The risk of progression to advanced phases continues to be double on Imatinib - 3.5% of Nilotinib patients and 7.1% of Imatinib patients had progressed to accelerated phase or blast crisis. Late relapses are rare, as only a single patient each on Nilotinib and Imatinib progressed in year 5, and both patients had failed to achieve the early 10% BCR-ABL mark at 3 months after starting treatment, so four years earlier. The overall 5-year survival without progression was 95% on Nilotinib and 92.6% on Imatinib.

Cardiovascular events were more common on Nilotinib than on Imatinib: 19 events in 279 Nilotinib (2x300mg) patients, 35 events in 277 Nilotinib (2x400mg) patients, and 6 events in 280 Imatinib patients. 85% of these patients with cardiovascular events had at least one prior risk factor and were not optimally managed for hyperglycemia and hypercholosterolemia.  As shown in earlier years, early response is prognostically significant on both treatments: patients with BCR-ABL >10% at 3 months have significantly worse 5-year overall survival and barely any chance to achieve MR4.5 within 5 years.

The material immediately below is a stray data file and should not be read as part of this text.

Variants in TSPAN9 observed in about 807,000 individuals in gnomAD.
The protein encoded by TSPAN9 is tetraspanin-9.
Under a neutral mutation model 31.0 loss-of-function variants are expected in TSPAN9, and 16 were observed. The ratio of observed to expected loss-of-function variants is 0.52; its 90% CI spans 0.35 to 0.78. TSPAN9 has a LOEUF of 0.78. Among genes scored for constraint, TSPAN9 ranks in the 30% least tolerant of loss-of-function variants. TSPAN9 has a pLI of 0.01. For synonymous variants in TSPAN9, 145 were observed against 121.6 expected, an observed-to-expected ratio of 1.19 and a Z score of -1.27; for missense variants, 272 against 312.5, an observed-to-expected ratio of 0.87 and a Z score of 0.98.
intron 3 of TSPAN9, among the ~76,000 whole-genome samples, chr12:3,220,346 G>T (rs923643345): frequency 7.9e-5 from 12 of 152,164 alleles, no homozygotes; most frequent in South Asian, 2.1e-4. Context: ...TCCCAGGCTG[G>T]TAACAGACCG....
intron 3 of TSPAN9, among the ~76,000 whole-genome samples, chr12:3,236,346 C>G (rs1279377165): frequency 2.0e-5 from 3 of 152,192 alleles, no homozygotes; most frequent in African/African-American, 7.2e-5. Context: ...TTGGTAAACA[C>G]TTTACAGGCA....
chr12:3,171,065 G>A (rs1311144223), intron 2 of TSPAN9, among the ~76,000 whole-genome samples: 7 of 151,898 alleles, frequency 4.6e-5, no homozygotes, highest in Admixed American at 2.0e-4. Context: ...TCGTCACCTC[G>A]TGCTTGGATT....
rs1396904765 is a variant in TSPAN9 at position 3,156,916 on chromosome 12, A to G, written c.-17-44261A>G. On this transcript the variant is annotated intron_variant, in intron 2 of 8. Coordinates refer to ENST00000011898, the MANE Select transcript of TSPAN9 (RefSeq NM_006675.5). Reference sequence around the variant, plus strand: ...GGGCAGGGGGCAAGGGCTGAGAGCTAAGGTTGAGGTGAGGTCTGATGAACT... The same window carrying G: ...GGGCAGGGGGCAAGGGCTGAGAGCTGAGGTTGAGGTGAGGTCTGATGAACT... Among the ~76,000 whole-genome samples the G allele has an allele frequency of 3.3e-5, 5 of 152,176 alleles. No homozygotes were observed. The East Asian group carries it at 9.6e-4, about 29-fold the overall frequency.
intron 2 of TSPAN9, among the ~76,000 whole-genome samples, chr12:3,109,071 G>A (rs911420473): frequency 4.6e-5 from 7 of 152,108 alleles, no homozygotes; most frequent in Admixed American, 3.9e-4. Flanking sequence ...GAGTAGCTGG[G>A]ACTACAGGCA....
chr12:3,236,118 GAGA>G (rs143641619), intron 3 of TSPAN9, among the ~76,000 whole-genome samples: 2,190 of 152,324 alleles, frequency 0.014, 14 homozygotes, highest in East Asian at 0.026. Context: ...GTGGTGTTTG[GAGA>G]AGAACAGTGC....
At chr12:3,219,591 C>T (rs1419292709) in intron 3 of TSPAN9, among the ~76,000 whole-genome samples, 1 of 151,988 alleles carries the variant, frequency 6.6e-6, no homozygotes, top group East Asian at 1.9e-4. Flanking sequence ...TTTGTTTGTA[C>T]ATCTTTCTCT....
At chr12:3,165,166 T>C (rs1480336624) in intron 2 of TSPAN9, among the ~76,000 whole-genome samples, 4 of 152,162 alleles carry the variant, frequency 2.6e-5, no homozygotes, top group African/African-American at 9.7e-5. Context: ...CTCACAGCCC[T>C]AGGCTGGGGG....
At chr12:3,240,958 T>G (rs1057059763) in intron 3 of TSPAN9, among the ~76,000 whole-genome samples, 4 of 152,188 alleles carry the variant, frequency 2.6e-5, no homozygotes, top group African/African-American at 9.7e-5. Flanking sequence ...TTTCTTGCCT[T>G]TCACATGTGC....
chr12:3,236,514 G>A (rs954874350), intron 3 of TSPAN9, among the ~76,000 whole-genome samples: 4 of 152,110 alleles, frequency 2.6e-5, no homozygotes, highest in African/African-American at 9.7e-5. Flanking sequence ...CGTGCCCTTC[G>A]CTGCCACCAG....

More than half of Nilotinib-treatment patients had achieved MR4.5, a key eligibility criterion for many treatment-free remission studies. Dr. Saglio concluded that the long-term data confirms Nilotinib 2x300mg/day as standard-of-care with newly diagnosed CML patients in chronic phase. (ASH-Abstract #92)

DSC011214 year update on first line dasatinib in first line therapy

Dr Jorge Cortes presented the 4 year update of the DASISION study which compared Dasatinib 100mg/day with Imatinib 400mg/day in newly diagnosed patients. Results remained to be excellent, with a 4-year overall survival of 93% on Dasatinib and 92% on Imatinib. 84% of patients on Dasatinib and 64% of patients on Imatinib met the 10% BCR-ABL milestone at 3 months. 74% of patients on Dasatinib and 60% of patients on Imatinib achieved an MMR. The rates of MR4 were 47% and 30% respectively.